He had given me a copy of St. John of the Cross’ collected works to read, and so he asked me to read the very pithy and incisive “Degrees of Perfection”. I recall this was the stand-out passage that made me realize something totally new to me: prayer was, in part, God exposing for His own viewing my mettle (or lack thereof):

Never give up prayer, and should you find dryness and difficulty, persevere in it for this very reason. God often desires to see what love your soul has, and love is not tried by ease and satisfaction.

Premature post

Excuse the premature posting of Catholic Kulturkamf that I took down just now — I did not intend it to post yet as I had not finished it nor had I gotten permission from the subject of the post to post it. Hopefully I will get that done and re-post!

As I will not be able to post for tomorrow’s memorial of St. John of the Cross, here’s a quote from his “Sayings” to mull over:

“What does it profit you to give God one thing if he asks of you another?  Consider what it is God wants, and then do it. You will as a result satisfy your heart better than with something toward which you yourself are inclined.”


Look, No Hands!

Acheiropoieta, a Greek term for “made without hand,” refers in the Orthodox tradition to miraculous sacred images, like the Shroud of Turin, that came into existence without human artistry. These works of art, this tradition says, were created by the Master Iconographer: the Holy Spirit.

Tomorrow is the memorial feast of Our Lady of Guadalupe, which honors the image of Mary miraculously imprinted on the tilma of St. Juan Diego.

There are evidently a large number of symbols in the image that are drawn from Aztec culture, but the one I find most beautiful is the black sash around her slightly bulging waist that indicates she is with child. The only images in the ancient and medieval Christian tradition that show Mary with child are the icons of the Annunciation, which is why the Gospel of the feast tomorrow is the Lukan annunciation. In the western iconographic tradition, there is a dypich of this event: before and after Mary says “yes” to the angel Gabriel. Before her yes, Gabriel is in an upright, superior position as he enters Mary’s presence, sent by God bearing a message; and she looks at him with open hands. But after her yes, he assumes a bowed posture of reverence, and she bows her head with hands open but lowered, as God has taken flesh within her. She is now the Ark of the Covenant.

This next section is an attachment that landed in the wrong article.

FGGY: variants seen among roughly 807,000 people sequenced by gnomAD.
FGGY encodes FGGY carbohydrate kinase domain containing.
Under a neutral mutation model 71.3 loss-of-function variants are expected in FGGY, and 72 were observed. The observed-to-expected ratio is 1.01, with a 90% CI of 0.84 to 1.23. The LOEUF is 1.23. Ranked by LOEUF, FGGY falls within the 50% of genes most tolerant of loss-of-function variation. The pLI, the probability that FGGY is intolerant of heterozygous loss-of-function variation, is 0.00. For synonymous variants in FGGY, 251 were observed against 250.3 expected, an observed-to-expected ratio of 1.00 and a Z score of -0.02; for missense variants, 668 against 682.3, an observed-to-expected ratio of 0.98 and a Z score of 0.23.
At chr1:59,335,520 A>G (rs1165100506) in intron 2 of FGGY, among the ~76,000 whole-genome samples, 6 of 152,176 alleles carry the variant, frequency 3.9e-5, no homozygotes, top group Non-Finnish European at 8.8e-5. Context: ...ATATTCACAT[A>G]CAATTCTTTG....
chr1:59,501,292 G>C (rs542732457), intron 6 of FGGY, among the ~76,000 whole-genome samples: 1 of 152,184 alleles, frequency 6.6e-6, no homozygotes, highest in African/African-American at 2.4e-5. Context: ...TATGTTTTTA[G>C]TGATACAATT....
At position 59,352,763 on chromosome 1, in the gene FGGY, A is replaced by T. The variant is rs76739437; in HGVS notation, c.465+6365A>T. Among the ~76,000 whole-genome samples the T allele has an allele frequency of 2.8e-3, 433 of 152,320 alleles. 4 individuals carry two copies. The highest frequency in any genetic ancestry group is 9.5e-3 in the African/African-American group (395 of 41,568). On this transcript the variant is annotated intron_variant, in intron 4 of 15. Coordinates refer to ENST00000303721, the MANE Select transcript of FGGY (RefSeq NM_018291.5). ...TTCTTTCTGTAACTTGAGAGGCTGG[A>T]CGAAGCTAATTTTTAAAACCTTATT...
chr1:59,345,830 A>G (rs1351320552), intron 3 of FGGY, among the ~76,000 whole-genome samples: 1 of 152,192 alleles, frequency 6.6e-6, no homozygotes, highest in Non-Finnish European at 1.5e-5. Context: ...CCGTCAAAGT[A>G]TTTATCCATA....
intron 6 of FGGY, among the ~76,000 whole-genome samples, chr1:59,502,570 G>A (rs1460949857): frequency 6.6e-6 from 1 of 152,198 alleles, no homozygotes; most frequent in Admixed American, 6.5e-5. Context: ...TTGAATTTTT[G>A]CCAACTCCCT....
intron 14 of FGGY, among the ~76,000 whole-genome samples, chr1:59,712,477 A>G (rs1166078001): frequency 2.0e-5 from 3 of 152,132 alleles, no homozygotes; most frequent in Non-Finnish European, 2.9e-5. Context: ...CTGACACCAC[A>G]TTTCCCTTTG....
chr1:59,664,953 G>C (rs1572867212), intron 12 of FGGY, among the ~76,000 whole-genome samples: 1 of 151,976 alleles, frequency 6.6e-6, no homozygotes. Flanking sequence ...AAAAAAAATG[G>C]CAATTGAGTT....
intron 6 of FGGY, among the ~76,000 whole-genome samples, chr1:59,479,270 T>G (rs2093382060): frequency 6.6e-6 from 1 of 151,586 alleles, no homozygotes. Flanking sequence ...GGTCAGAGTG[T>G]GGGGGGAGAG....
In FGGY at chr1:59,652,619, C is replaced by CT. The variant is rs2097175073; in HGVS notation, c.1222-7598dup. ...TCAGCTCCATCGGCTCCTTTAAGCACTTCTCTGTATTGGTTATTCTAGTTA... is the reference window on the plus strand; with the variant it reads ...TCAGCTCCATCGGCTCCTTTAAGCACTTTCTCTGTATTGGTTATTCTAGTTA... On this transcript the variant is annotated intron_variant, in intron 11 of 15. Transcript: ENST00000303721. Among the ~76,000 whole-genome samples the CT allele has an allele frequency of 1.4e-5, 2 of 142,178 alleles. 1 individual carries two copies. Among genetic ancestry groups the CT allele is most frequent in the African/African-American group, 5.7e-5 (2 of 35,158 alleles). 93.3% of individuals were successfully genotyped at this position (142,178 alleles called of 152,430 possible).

The image of Guadalupe is clearly the second image in this diptych, as she has received the eternal Word in her womb and communes with Him in prayer (hands folded, which is a sign to Aztecs she is not a goddess), radiant with the light of divinity shining from within her. And she appears on the tilma as an Aztec woman, making this icon a magnificent revelation of the Incarnation of a God who assumes not only Mary’s human flesh and culture, but all human flesh, all human cultures, impregnating them with His divine light in order to raise them up, purify them and consecrate them for immortal life in the Kingdom of God that is coming and that is to come. When God saves each of us, He also saves the whole world we inhabit. Glory to Him for endless ages for honoring us with such unspeakable dignity. May we live worthy, as she did, of this calling. Amen.

When Trust Means Something

Lay all your cares about the future trustingly in God’s hands, and let yourself be guided by the Lord just like a little child. — St. Edith Stein (Teresa Benedicta of the Cross)

My spiritual director a number of years ago said to me, “If you ask God for more trust, know He will find you reasons to. You can’t have it both ways: asking for trust and then complaining when you finally have the chance.” I later wrote with stream of consciousness in my journal: